Dr. Brian Monger
Service Product Distribution
Some would have it that services are intangible. That is technically right, but logically if a Service Product was completely intangible, how would we be able to transfer it?
All organisations – whether producing tangibles or intangibles – are concerned with place decisions. That is how to make their offerings available and accessible to users. Even where a service or other intangible is marketed there are physical problems. All are associated, somewhere or other, with tangible elements requiring physical handling, storage and transportation
The subject of place decisions for services is confused as people grapple with the concept of a ‘distribution channel’ for items which are intangible, often inseparable from the person performing the service and perishable, in the sense that inventory cannot be carried. The subject is further confused because the generalisations made about services (e.g. no inventory carried) do not always apply in specific situations.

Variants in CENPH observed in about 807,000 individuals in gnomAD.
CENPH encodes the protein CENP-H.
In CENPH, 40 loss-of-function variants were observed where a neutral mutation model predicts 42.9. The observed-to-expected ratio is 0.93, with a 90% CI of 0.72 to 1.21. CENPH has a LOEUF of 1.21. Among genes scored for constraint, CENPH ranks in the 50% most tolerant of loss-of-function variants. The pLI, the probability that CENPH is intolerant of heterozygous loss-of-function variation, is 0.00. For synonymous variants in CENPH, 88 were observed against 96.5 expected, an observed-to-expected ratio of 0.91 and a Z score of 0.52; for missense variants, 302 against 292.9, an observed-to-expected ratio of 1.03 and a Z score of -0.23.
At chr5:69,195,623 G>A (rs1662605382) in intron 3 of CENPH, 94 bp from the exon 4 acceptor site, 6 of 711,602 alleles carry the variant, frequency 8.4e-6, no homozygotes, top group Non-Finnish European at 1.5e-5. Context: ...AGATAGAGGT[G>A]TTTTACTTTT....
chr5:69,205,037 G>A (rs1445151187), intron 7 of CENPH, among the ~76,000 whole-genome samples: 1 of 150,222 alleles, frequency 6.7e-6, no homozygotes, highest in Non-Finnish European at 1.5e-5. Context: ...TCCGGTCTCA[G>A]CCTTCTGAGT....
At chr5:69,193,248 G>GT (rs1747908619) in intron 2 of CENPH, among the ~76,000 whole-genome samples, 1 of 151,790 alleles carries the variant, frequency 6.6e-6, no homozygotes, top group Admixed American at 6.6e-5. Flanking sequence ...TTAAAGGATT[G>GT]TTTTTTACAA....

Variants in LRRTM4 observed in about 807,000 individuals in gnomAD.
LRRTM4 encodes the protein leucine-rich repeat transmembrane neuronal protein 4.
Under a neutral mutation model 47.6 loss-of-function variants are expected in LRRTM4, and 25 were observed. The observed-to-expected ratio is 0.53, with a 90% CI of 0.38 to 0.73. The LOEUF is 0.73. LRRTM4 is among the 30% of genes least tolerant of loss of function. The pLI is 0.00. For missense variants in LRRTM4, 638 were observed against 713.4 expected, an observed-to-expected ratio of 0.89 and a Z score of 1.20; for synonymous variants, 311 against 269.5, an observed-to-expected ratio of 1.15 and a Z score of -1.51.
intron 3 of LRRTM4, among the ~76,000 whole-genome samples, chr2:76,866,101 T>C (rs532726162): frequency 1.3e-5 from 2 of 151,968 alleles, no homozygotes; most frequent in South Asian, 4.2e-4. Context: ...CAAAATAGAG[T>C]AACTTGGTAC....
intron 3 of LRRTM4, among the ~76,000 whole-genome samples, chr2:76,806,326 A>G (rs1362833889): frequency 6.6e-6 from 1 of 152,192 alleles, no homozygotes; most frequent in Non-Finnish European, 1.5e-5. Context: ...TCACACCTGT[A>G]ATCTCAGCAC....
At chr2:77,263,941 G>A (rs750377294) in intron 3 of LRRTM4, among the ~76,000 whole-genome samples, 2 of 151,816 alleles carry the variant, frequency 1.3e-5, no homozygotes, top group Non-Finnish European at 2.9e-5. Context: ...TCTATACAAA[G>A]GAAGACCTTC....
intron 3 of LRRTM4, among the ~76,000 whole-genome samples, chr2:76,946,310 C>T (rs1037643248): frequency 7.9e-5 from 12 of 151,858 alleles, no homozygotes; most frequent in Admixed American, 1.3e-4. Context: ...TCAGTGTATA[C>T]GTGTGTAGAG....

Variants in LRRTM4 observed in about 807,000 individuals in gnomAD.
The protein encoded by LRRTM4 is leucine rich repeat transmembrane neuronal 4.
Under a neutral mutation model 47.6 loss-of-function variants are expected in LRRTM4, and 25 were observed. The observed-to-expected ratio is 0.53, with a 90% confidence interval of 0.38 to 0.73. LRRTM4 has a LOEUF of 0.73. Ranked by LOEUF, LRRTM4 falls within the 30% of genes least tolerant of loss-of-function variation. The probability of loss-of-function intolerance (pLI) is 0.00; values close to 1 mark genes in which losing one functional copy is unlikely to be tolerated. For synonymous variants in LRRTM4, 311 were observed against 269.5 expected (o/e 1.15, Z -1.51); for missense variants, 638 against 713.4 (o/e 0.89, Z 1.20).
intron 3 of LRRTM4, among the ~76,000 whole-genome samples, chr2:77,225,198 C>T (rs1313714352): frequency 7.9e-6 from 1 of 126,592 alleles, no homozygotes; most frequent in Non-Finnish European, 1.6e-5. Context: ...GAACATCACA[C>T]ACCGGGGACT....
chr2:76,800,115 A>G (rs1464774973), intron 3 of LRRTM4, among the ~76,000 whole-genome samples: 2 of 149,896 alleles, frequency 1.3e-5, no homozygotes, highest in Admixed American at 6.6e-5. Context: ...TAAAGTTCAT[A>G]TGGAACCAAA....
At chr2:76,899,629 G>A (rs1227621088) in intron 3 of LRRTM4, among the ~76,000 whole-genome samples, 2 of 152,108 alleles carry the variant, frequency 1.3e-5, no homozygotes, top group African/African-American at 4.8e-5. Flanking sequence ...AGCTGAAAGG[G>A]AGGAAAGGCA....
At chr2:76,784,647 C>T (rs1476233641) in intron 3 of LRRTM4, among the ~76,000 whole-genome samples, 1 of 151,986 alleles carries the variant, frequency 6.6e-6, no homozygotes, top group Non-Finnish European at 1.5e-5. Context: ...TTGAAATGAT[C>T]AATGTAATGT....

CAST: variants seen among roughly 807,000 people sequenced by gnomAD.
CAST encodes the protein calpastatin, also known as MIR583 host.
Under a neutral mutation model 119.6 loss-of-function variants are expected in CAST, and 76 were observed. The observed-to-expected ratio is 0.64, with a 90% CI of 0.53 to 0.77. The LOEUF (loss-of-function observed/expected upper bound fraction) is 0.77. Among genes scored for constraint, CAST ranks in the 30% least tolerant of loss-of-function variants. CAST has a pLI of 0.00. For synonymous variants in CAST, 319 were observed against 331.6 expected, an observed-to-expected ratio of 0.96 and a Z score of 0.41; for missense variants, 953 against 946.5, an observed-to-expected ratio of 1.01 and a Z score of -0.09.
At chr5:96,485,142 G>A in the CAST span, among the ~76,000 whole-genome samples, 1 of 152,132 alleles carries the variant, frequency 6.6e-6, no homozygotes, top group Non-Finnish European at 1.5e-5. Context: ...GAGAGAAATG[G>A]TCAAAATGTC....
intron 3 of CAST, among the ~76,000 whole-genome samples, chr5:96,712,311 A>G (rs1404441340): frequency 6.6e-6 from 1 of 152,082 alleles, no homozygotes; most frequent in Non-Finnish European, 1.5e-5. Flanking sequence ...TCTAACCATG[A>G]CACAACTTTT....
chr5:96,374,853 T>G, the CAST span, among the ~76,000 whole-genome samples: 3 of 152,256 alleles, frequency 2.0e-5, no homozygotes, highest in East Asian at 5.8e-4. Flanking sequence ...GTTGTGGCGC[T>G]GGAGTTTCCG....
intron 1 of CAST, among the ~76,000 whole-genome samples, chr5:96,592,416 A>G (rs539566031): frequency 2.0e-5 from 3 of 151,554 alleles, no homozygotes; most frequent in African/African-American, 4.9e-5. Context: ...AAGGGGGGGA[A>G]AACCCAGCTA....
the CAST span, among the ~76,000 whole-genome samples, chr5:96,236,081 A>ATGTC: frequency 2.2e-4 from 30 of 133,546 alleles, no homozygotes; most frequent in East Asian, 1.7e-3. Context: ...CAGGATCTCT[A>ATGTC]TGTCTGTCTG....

Methods of distributing services
A distribution channel for services is the sequence of firms involved in moving a service from producer to consumer. The usual generalisation made about service distribution is that direct sale is the most common method and that channels are short.
Direct sale certainly is common in some services markets (e.g. professional services); but many service channels contain one or more intermediaries. It would be incorrect to suggest that direct sale is the only method of distribution in services markets.
Intermediaries are quite common. Some of these intermediaries assume ownership risks; some perform roles that change ownership (e.g. purchasing); some perform roles that enable physical movement (e.g. transporting).
Like this short article on services and distribution (Place)? Please comment. And have a look at another article on Distribution in our sister blog http://smartamarketing.wordpress and checkout the smartamarketing posts on SlideShare.